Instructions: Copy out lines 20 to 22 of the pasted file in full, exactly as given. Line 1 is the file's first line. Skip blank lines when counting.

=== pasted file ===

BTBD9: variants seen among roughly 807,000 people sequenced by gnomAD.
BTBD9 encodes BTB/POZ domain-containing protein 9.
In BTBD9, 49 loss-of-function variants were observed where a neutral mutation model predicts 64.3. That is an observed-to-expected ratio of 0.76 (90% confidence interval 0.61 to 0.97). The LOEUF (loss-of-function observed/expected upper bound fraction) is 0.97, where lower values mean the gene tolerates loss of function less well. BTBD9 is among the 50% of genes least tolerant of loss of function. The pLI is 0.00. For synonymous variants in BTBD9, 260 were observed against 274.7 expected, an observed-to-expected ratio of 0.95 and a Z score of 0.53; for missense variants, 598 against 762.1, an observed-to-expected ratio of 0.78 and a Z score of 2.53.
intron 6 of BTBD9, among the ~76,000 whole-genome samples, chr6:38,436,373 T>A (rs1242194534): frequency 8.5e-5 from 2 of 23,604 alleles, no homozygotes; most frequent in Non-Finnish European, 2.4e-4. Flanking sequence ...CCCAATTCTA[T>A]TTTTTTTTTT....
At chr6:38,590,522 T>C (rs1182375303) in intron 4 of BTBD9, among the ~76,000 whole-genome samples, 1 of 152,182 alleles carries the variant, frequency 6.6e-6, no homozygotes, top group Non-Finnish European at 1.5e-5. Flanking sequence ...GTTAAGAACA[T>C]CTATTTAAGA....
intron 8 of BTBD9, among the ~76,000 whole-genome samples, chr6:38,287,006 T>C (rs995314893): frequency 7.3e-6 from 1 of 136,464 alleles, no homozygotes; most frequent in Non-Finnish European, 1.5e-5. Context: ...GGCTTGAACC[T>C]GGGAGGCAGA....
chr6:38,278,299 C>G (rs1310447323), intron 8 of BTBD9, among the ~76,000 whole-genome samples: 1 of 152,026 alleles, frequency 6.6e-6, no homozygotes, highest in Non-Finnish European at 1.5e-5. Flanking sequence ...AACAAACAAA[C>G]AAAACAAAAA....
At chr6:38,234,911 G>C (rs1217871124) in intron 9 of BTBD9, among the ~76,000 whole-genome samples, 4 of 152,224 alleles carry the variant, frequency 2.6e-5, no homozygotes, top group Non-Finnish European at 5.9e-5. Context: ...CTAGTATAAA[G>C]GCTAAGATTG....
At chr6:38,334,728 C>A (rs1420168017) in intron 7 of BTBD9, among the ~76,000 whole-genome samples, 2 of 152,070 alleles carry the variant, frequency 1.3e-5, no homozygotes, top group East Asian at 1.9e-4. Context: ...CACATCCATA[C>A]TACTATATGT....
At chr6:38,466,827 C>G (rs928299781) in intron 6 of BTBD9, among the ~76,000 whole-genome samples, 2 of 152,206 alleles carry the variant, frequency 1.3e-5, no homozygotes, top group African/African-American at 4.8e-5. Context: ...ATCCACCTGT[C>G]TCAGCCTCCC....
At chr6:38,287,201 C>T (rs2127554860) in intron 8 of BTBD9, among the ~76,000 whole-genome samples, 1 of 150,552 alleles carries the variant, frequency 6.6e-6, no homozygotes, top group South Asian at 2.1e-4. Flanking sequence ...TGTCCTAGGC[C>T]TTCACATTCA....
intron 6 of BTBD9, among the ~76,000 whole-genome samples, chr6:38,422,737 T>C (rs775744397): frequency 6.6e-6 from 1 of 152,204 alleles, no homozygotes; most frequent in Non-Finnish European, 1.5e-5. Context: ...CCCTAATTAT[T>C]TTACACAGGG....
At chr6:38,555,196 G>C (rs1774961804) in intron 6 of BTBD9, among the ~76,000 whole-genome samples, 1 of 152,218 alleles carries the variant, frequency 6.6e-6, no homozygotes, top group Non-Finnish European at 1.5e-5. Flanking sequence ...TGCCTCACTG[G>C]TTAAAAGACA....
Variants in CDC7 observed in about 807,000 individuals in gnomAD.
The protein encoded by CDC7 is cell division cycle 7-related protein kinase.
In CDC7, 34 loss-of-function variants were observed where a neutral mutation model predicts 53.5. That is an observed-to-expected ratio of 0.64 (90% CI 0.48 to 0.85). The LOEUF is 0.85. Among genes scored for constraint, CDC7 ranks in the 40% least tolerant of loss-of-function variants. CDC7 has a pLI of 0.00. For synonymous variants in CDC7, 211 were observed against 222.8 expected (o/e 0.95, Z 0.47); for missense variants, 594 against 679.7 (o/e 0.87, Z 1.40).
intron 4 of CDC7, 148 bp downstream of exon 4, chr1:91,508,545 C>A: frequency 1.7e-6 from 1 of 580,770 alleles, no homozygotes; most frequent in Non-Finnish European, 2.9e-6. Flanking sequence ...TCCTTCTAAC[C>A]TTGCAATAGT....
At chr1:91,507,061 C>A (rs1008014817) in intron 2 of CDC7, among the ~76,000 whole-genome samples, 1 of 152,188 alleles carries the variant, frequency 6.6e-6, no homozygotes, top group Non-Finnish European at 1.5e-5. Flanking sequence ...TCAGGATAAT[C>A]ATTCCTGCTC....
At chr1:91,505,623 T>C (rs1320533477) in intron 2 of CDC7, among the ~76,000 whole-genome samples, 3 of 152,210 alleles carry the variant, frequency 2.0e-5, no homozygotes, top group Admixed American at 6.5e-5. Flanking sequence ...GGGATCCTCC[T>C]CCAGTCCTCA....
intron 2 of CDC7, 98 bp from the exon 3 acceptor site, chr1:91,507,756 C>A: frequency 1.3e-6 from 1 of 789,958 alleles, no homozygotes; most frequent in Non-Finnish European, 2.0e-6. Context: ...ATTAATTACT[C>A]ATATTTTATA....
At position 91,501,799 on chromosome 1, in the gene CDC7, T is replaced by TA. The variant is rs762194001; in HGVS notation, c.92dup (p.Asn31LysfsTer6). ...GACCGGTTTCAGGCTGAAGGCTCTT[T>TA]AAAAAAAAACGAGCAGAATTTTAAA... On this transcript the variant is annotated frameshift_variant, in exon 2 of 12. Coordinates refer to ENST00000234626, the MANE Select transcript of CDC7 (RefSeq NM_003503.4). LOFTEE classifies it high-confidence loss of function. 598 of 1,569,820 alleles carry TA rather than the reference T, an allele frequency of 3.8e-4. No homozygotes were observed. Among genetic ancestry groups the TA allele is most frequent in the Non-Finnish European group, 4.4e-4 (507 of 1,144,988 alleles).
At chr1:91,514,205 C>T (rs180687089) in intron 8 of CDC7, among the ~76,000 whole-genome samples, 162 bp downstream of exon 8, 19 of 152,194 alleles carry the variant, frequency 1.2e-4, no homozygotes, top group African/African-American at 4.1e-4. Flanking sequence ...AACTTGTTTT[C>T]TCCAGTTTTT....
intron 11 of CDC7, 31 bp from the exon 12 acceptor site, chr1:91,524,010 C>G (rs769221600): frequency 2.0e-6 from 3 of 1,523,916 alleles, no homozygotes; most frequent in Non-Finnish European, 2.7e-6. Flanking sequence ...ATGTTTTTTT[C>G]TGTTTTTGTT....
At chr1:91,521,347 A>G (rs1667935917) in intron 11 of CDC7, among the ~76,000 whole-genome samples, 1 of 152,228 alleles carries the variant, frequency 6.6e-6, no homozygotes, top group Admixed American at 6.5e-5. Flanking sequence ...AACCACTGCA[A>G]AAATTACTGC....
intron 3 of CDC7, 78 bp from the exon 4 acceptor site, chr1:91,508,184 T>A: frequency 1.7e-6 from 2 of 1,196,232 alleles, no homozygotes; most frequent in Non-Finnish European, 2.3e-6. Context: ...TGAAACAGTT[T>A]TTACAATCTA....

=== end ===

intron 2 of CDC7, 98 bp from the exon 3 acceptor site, chr1:91,507,756 C>A: frequency 1.3e-6 from 1 of 789,958 alleles, no homozygotes; most frequent in Non-Finnish European, 2.0e-6. Context: ...ATTAATTACT[C>A]ATATTTTATA....
At position 91,501,799 on chromosome 1, in the gene CDC7, T is replaced by TA. The variant is rs762194001; in HGVS notation, c.92dup (p.Asn31LysfsTer6). ...GACCGGTTTCAGGCTGAAGGCTCTT[T>TA]AAAAAAAAACGAGCAGAATTTTAAA... On this transcript the variant is annotated frameshift_variant, in exon 2 of 12. Coordinates refer to ENST00000234626, the MANE Select transcript of CDC7 (RefSeq NM_003503.4). LOFTEE classifies it high-confidence loss of function. 598 of 1,569,820 alleles carry TA rather than the reference T, an allele frequency of 3.8e-4. No homozygotes were observed. Among genetic ancestry groups the TA allele is most frequent in the Non-Finnish European group, 4.4e-4 (507 of 1,144,988 alleles).
At chr1:91,514,205 C>T (rs180687089) in intron 8 of CDC7, among the ~76,000 whole-genome samples, 162 bp downstream of exon 8, 19 of 152,194 alleles carry the variant, frequency 1.2e-4, no homozygotes, top group African/African-American at 4.1e-4. Flanking sequence ...AACTTGTTTT[C>T]TCCAGTTTTT....